A magistrate has partly blamed Tasmania's "state of confusion" as the reason a North-West man was guilty of three counts of possessing a prohibited firearm.
Magistrate Tamara Jago on Wednesday found Trent Ian Johnston guilty of the charges, which were laid in June 2020 and arose from him ordering three gel blasters online and using them in a Coastal shed for target practice.
Before proceeding to sentence, Ms Jago sought clarity from Crown prosecutor Alicia Chisholm about what she called the "state of confusion" on the legality of the weapons.
The court heard he had purchased them online from Queensland, where they are legal, and had at the time endeavoured to determine their legality in Tasmania but, Ms Jago said, those inquiries "did not bear fruit".
Ms Chisholm said that Tasmania Police published a statement in November 2020 which did clarify their position, but Ms Jago pointed out that this occurred five months after Johnston was charged.
Ms Chisholm said the lack of clarity was an issue for parliament, and Ms Jago said the legislation needed to be amended to provide surety of the state's position.
"When he committed the offences there was really quite a vacuum in terms of information about whether gel blasters were legal in Tasmania," Ms Jago said.
Defence lawyer Julia Ker said this was "significantly mitigating" for her client's criminal culpability, and said "there is no suggestion Mr Johnston had any sinister intent".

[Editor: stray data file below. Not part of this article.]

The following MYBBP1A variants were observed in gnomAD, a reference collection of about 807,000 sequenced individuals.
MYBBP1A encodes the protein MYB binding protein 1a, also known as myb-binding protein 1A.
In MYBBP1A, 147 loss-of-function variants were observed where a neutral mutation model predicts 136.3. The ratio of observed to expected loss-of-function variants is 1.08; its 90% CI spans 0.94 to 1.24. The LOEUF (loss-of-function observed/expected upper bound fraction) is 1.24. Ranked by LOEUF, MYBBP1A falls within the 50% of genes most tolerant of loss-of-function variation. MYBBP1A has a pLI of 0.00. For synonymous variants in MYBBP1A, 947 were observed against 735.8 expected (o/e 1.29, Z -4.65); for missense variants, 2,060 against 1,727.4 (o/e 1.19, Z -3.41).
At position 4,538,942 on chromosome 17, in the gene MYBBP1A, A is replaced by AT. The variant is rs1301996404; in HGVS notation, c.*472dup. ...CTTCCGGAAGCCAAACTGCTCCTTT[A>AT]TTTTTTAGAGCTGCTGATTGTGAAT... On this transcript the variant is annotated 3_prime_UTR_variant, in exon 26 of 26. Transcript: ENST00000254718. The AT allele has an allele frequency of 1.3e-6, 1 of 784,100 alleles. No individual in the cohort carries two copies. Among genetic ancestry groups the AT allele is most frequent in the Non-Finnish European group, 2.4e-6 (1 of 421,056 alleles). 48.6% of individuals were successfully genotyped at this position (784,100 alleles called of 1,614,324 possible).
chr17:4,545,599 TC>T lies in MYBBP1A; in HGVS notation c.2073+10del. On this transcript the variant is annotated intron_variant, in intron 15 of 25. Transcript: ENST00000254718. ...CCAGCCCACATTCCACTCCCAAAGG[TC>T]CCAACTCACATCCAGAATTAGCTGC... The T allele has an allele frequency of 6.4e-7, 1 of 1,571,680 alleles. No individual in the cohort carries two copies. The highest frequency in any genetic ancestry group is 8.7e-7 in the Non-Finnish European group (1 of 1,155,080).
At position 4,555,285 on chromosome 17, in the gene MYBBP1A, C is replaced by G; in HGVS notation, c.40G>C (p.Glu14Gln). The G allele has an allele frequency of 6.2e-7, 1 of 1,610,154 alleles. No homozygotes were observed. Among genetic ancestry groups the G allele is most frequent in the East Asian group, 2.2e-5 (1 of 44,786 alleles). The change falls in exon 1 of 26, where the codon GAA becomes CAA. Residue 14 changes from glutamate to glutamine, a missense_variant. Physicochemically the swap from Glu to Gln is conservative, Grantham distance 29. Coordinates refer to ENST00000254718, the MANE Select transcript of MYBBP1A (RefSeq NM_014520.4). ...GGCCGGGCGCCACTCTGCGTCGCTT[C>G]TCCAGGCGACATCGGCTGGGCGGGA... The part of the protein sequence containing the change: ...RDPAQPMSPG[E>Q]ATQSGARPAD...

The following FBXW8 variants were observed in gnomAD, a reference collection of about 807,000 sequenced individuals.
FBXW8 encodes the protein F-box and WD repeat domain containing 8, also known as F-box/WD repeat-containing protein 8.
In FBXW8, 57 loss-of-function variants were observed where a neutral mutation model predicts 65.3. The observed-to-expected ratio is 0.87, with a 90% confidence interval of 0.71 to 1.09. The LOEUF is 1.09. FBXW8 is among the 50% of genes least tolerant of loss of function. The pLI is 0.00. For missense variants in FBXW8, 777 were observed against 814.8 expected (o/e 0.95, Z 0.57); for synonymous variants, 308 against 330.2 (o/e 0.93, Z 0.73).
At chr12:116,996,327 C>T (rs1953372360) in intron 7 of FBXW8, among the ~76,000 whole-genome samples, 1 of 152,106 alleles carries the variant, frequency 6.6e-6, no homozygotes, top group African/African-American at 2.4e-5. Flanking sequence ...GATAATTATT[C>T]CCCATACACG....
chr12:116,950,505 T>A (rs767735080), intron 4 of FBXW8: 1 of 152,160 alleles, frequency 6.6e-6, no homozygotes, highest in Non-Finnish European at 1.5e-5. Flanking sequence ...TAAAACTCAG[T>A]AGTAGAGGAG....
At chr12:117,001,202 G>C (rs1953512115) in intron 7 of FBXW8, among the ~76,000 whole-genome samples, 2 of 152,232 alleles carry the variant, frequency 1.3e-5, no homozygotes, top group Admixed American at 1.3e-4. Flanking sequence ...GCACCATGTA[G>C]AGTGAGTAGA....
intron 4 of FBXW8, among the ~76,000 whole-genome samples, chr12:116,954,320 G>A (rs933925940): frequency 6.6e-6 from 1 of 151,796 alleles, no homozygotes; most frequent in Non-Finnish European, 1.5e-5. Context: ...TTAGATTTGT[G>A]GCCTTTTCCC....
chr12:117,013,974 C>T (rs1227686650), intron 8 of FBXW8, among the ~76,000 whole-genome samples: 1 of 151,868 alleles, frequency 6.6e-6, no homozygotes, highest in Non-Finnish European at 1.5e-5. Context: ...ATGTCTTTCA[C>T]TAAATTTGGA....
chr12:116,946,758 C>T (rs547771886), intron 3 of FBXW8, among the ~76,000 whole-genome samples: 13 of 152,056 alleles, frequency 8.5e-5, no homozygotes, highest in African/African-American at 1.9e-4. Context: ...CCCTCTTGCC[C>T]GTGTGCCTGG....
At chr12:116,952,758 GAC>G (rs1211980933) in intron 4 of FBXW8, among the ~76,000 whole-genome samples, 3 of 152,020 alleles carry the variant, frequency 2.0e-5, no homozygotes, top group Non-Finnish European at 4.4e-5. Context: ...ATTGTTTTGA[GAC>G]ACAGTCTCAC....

In sentencing, Ms Jago clarified that Johnston's ignorance of the law at the time he committed the crimes was not a defence of his guilt, but was nevertheless relevant.
"You were cooperative with police. At no time did you attempt to hide [the weapons] from police. There is no evidence whatsoever you misused these gel blasters," Ms Jago said.
"Normally a person who had been found guilty of three counts of possessing a prohibited firearm would be met with a severe penalty.
"The circumstances here are unusual, and require considerably more leniency."
However, Ms Jago said, now that clarity on the legality of the weapons had been provided he would not be entitled to lower penalties in the future.
"If you're foolish enough to do this again you will not be met with the same level of leniency," she said.